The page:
I ran into yet another post arguing that writing isn't about hard work and persistence -- it's about inborn talent.
That argument drives me nuts. Not only do I think it's untrue, but the talent-or-nothing paradigm hurts writers. If writing is about inborn ability, the writer has no
accountability. It's out of your control. Good writing is something
that happens to you...or not. Bad prose? Nothing you can do about it
-- it's in the stars.
On the other hand, if writing is a
skill, then improvement is in the author's control. You can write
another story. Gets some critiques. Revise, rinse, and repeat. You
can take action. When learning is a possibility, you can ask, "What can
I do to improve?"
I don't think anyone succeeds as a
writer without a lot of hard work. Maybe a bucket of natural ability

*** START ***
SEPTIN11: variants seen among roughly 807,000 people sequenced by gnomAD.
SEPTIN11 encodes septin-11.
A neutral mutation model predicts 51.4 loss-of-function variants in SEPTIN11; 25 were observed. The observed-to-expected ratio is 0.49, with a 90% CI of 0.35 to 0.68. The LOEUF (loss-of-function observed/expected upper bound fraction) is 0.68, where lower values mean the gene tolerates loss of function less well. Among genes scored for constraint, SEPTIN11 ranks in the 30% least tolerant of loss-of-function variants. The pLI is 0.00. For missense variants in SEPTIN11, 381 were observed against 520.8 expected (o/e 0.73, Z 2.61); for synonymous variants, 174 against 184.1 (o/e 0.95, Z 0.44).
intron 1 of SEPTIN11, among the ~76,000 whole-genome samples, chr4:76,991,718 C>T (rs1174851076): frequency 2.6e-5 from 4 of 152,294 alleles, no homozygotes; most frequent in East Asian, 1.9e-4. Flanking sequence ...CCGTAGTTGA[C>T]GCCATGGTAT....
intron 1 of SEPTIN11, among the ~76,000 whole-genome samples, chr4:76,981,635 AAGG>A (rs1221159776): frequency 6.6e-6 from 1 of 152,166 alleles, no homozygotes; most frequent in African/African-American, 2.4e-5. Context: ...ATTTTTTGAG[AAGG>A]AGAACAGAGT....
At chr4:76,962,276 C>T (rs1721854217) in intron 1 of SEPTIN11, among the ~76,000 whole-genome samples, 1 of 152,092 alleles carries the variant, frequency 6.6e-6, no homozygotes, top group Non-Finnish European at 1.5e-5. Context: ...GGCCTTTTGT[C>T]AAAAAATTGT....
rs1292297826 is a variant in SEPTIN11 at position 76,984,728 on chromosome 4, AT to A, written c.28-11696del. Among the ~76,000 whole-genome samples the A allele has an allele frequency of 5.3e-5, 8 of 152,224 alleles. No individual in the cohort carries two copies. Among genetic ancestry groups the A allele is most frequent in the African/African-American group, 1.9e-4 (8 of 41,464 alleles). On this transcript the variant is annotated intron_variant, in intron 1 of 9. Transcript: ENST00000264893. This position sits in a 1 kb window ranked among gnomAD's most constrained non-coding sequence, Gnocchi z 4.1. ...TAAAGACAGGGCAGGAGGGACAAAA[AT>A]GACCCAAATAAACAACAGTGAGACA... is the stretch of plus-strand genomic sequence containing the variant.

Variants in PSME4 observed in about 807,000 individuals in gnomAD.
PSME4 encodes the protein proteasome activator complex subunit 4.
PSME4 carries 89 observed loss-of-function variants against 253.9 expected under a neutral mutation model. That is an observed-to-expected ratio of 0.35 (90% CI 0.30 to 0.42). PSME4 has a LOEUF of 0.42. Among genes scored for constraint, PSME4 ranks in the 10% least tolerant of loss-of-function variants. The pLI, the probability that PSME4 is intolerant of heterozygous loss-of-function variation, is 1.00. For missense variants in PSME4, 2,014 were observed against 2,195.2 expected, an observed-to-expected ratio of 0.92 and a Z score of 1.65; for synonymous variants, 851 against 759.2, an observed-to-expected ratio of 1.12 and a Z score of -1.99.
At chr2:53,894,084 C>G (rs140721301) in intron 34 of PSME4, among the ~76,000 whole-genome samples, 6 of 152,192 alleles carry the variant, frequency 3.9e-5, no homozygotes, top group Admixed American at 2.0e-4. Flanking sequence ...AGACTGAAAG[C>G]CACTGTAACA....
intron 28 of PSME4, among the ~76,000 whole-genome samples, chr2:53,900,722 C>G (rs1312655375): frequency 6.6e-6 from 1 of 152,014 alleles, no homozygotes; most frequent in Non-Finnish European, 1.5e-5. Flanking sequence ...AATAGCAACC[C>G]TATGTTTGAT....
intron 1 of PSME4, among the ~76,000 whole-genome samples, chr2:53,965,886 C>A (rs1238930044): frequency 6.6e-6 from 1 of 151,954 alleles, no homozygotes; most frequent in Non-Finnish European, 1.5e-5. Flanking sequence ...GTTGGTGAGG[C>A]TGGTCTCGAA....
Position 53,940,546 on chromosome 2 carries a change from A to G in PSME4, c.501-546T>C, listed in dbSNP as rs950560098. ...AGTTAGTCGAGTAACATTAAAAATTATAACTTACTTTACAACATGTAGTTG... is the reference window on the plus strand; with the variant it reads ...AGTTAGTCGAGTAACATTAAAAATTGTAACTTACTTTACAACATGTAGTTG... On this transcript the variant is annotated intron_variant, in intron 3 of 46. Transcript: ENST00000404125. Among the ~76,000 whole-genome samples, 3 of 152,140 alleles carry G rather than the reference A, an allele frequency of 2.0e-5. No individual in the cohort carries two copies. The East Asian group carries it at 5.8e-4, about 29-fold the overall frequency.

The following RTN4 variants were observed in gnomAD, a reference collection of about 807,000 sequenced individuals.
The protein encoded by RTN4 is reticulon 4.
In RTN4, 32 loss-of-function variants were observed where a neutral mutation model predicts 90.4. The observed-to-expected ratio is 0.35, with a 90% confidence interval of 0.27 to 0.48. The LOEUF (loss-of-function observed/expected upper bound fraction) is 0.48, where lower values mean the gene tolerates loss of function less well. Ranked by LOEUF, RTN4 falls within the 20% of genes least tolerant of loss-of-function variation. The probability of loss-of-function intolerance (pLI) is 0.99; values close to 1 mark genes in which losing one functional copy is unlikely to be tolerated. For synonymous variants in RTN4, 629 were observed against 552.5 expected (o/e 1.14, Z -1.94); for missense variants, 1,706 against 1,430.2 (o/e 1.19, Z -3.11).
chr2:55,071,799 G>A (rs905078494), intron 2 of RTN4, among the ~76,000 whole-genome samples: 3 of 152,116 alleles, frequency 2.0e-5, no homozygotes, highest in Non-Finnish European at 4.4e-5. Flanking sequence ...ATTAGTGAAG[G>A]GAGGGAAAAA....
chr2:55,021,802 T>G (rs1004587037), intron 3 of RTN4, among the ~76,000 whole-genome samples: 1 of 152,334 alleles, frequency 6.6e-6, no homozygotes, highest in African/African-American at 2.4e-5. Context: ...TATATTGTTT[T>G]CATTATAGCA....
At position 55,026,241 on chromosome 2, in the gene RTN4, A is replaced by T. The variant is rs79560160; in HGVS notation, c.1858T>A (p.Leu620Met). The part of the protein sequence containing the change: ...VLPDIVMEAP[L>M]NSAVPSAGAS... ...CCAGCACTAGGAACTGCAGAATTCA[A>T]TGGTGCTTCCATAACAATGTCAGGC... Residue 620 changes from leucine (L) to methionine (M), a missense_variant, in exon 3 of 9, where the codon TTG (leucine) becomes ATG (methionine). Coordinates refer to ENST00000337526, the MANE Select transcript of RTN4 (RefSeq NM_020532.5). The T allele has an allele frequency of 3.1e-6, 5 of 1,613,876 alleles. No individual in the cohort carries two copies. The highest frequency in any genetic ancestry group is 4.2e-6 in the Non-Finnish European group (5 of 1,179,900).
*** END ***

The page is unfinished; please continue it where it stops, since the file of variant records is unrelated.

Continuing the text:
will get you there a little faster, but it won't get you there.
As evidence that writing can be learned, I submit this episode of Writing Excuses (click here). This is the opening of Brandon Sanderson's first, unpublished novel. It's...umm, well, the Writing Excuses does a great job ridiculing it. Between that and Elantris, something changed, and I'm sure it took a lot of hard work, practice, and skill-honing. Brandon Sanderson's now one of my favorite authors.
As a footnote, in my experience, the best writing teachers are those who learned something the hard way. The author whose lecture taught me story structure? He used to fumble with it. The author with brilliant posts on point of view? I asked her -- and she struggled with POV. Because they didn't do these by instinct, they can happily articulate their skills to others.
Yes, writers likely have something they're naturally good at -- maybe someone has an ear for dialogue, or a knack for description. But dialogue and description can still be learned.